Local Vocal: the Coulter Formula: False Assumptions and Crazy Logic
My vote goes for keeping Ann Coulter’s column in any paper that will print it. Don’t close the Holocaust Memorial just because it gets you down. It’s important to have daily reminders of this style of thinking and writing. Here are the reasons why:
Coulter’s column is a great teaching tool. I teach academic writing to non-native speakers studying English. Every week, I can easily locate a free example of a poorly written essay in Coulter’s column. Her organization is always weak. She misuses affect and pathos with her entirely subjective, emotional language. She falsifies facts with strong emoti-words and descriptions that bend the truth, rendering her own ‘“support’” ineffectual. Her ‘“arguments’” usually begin from an assumption that is incorrect, overly exaggerated or illogical. Then, they proceed to build upon the initial fallacy, creating an entirely fabricated network of emotional words that do not support any specific, reiterable point. In this week’s column, ‘“Party of a rapist,’” Coulter’s subject is not identifiable ‘— she meanders through at least six topics, only briefly touching on the theme named in her title. Therefore, the column should remain as a how-not-to testament to writers of English.
Coulter is a source of laughs. Loud, raucous belly laughs. Admittedly, the knee-jerk reaction for many of your readers, upon encountering her stunning language, is anger. However, that is her intent.’ We give Coulter too much by falling for her emoti-words so easily. A quick application of logic healthily removes reader affect and reduces ‘— like a hearty, rolling boil ‘— Coulter’s broth to its essence. Take a random sample paragraph from her current column:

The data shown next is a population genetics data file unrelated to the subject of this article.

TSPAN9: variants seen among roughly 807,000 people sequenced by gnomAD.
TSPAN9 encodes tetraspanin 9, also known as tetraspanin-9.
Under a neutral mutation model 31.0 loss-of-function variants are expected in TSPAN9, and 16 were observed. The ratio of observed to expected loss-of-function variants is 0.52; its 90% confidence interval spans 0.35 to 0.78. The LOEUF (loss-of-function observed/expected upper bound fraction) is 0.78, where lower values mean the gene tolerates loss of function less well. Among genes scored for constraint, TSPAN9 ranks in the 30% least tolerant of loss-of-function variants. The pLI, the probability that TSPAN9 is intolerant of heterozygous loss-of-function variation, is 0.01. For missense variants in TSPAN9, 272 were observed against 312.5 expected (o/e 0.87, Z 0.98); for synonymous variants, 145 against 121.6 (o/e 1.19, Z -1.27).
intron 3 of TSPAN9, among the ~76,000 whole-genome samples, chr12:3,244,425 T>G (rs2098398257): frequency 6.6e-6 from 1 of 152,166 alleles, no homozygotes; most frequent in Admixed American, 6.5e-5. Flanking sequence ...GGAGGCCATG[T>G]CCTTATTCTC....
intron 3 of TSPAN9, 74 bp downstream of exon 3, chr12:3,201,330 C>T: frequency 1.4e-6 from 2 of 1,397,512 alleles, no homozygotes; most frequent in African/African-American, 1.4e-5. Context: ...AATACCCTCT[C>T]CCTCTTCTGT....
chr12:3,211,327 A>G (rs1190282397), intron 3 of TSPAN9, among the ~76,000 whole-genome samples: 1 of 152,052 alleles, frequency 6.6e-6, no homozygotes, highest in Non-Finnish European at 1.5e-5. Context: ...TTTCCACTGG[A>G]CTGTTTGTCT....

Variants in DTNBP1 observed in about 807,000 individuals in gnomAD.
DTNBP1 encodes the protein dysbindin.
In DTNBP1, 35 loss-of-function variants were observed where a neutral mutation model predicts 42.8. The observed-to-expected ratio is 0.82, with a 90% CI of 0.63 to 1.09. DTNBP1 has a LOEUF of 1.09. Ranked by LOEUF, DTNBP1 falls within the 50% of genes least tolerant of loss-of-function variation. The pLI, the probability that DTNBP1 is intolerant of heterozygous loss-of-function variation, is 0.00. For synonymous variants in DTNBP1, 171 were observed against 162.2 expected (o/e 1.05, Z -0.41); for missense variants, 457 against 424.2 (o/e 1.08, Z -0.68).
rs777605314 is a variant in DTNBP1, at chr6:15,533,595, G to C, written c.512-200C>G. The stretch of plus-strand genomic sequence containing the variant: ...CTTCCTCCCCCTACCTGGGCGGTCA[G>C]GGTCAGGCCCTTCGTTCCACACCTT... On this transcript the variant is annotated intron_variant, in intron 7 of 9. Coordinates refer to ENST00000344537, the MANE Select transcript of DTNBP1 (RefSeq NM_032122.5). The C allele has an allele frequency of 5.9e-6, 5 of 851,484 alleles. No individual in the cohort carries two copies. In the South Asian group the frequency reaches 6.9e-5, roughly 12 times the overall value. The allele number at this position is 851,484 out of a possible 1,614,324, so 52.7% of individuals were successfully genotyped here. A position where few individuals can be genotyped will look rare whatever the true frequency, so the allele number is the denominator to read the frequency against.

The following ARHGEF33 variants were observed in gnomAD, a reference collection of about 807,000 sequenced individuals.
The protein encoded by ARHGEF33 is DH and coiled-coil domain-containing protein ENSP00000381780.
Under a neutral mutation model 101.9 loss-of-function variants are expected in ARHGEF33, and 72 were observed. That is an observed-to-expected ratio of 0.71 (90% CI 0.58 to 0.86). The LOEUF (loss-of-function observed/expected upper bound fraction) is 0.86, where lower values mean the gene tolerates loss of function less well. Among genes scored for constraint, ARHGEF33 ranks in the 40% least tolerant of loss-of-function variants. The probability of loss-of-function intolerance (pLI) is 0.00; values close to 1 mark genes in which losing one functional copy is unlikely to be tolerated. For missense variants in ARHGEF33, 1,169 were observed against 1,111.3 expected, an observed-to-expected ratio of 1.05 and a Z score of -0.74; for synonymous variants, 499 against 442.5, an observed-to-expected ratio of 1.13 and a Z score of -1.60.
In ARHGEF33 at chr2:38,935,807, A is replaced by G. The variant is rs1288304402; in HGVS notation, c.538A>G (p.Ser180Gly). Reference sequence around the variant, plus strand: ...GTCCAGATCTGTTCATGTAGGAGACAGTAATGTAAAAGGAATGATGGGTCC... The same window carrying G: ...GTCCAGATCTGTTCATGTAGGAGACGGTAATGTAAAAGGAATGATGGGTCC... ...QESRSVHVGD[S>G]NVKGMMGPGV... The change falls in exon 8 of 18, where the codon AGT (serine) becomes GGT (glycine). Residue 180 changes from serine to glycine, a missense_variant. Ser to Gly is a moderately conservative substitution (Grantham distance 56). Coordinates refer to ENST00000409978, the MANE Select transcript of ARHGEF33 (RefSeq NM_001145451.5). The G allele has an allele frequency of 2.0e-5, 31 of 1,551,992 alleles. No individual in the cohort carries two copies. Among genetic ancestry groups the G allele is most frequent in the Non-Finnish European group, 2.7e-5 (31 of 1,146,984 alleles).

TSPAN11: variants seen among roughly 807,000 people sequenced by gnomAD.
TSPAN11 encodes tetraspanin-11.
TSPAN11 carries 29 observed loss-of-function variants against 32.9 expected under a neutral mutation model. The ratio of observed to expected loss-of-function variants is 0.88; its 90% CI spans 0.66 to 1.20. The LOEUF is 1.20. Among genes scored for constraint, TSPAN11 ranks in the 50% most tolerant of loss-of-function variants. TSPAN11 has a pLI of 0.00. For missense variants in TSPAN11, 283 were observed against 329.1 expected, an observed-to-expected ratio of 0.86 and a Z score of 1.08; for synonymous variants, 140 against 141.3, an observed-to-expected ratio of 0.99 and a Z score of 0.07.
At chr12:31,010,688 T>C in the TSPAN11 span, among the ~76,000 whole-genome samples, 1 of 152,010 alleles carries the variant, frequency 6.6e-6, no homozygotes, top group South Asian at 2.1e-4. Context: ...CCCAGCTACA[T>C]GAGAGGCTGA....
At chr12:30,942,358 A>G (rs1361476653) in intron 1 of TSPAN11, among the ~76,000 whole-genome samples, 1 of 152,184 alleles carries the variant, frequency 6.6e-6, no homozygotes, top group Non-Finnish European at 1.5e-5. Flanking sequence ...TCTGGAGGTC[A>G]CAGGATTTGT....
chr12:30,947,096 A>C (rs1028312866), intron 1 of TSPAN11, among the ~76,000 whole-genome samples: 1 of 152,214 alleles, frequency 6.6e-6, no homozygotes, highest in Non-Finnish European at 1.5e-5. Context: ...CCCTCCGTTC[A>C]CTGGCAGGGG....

‘“First of all, I’m getting a little fed up with people trying to make money off my book. Worthless little cable TV shows with teeny-tiny audiences, ridiculous legislators and tabloid newspapers are all trying to make a name for themselves off the profundity of Godless.’”
Once scrubbed and cleansed of words like ‘“fed up,’” ‘“worthless little,’” ‘“teeny-tiny,’” ‘“ridiculous,’” and ‘“tabloid,’” her average paragraph is somewhat neutered and can be studied for what it truly is: whining. Using highly emotional invective and accusations that cannot be traced to specific IDs, Coulter is basically complaining about her money. Tacky, tacky, tacky. Funny, funny, funny! Also, the statement was unrelated to the column, though featured as its first ‘“point.’”
Coulter is a man No self-respecting woman, after the history the gender has endured, would refer to Hillary Clinton as having ‘“beat a hasty retreat on her chubby little legs.’” Further, to refer to the previous section, isn’t ‘“chubby little’” an oxymoron? Again, funny. Also sad. Coulter’s opinions about Clinton’s professionalism or politics have nothing to do with Clinton’s weight or stature.